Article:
By Harvey S. Teal, this article originally appeared in the Chronicle-Independent on May 15, 2013, as “A Matter of Conscience: Remembering May 17, 1923.”
In 1929, my family moved from Chesterfield County to a farm adjoining the farm of Donald Holland’s parents in the Cassatt community. I was a year old at the time but before many years passed, Donald and I established a friendship lasting until Donald’s passing in 2003.
By the late 1930s, I became aware of Donald’s parents and oldest sister, Margaret, being survivors of the Cleveland School Fire tragedy due to hearing them discuss the matter from time to time. On several visits with Donald to his grandparent’s home located about a half mile from the Cleveland School Fire site, I occasionally heard the matter discussed.
In May 1948, I accompanied Donald to Beulah United Methodist Church for a memorial service on the 25th anniversary of the fire. I will give more details about this service later in this column.
The fire received much attention immediately after it happened. Money was collected for survivors, the Red Cross was on the spot and a book on the tragedy quickly appeared. Monuments were erected and in the ensuing years, memorial services were held and articles appeared periodically in the local newspapers. As time passed the tragedy received less attention. Survivors picked up the pieces of their broken families, community, and lives and moved forward.
Beginning in the 1990s, as many of the survivors began to pass away, the tragedy received more attention. The Kershaw County Historical Society produced a publication and held two programs at which survivors were present and recounted their stories of that fateful night.
When Donald led a movement which secured funding for refurbishing the school monument, landscaping the site, restoring the fence and gates and refurbishing the monument at Beulah United Methodist Church where most of the 77 were buried in a mass grave, there can be no question as to how much this matter was in Don’s consciousness. Right before his death, Don was in discussions with Dale Hudson about publishing Dale’s book he was writing on this great tragedy.
In my book, Partners with the Sun, South Carolina Photographers, 1840-1940, published in 2001, I reproduced two photographs of the aftermath of the fire taken the next day by Columbia photographer John A. Sergeant. One pictured the ruins of the school and the other portrayed the shrouded bodies awaiting placement in the large grave prepared to receive them.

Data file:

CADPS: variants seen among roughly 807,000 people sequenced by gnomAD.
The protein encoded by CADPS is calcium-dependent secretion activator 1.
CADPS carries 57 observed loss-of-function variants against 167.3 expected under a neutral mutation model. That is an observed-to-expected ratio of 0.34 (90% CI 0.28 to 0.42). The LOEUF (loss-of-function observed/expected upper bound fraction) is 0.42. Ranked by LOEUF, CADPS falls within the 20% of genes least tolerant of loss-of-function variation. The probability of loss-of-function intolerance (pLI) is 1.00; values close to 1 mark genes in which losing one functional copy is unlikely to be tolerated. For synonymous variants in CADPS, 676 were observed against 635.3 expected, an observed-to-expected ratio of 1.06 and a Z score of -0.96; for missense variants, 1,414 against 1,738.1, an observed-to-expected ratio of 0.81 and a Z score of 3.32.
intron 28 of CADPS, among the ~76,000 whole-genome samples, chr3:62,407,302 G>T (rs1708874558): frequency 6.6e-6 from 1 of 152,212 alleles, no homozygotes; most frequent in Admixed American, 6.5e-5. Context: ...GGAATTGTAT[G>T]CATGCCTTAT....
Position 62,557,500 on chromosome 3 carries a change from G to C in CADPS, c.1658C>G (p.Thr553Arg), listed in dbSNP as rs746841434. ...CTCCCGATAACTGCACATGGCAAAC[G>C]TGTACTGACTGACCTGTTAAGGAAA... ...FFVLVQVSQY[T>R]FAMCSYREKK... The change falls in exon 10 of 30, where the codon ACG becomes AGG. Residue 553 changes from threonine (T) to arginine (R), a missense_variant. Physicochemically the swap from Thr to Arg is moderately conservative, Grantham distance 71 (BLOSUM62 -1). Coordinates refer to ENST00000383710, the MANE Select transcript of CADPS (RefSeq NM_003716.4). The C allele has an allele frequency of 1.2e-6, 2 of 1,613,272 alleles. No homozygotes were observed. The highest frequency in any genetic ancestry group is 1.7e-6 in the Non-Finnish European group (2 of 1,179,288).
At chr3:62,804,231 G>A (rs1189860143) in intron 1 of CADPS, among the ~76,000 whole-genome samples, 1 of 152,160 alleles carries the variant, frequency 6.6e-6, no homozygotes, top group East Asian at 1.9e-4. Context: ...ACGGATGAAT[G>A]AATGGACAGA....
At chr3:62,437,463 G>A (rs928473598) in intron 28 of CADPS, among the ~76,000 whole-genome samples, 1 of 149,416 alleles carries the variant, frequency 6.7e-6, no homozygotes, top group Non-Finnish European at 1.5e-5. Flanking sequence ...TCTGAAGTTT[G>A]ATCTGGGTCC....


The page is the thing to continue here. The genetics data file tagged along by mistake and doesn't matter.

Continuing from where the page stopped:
In 2002, when the cloverleaf four miles north at the exit on I-20 at Highway 521 into Camden was dedicated and named for Donald Holland’s granddaddy, the subject of the fire was discussed and publicized again. Yet again was the matter publicized when the county historical society produced a program on John C. West’s career as senator, lieutenant governor, governor and ambassador to Saudi Arabia; and later dedicated a historical marker to him located between his ancestral home and his family home of a later time. John lost his father in the Cleveland School fire which occurred when he was about nine months old.
In May and June of 2010, the Camden Chronicle-Independent published two columns I wrote about the fire and the last two known survivors, Harold (Mac) McCaskill and Pearl Godwin Tiller. Unfortunately, Pearl passed away about a year ago, leaving Mac as the last known survivor. In 2011, the new Kershaw County History devoted more than two pages to the Cleveland School Fire tragedy.
This tragedy was brought to my mind again about two weeks ago when I discovered the program for the 25th anniversary memorial service of the fire I attended with Donald Holland in 1948, 65 years ago. I did not remember saving it. The program, on two mimeographed sheets, listed special music, scripture readings, two hymns and a memorial address by Rev. Henry Collins.
On May 2, 2013, the Kershaw County Historical Society received a telephone call from Rachel Miles of Rembert enquiring if the society planned any program or would do anything to memorialize the 90th anniversary of the fire and to recognize her Uncle Mac McCaskill as the last known survivor. May this sketchy recap and review of some of the past recognitions and memorials of the Cleveland School fire tragedy do what Rachel has requested.
In good conscience, I could not avoid writing this column. Over the years, this tragedy has been too much a part of my past and that of many close friends to let this anniversary go by without comment and recognition. We salute you, Mac, and wish you the very best at this time in history.
(Harvey S. Teal is the author of the Kershaw County Historical Society’s regular monthly column, which will appear next June 3. He is an occasional contributing columnist to the Chronicle-Independent, Camden, S.C.)
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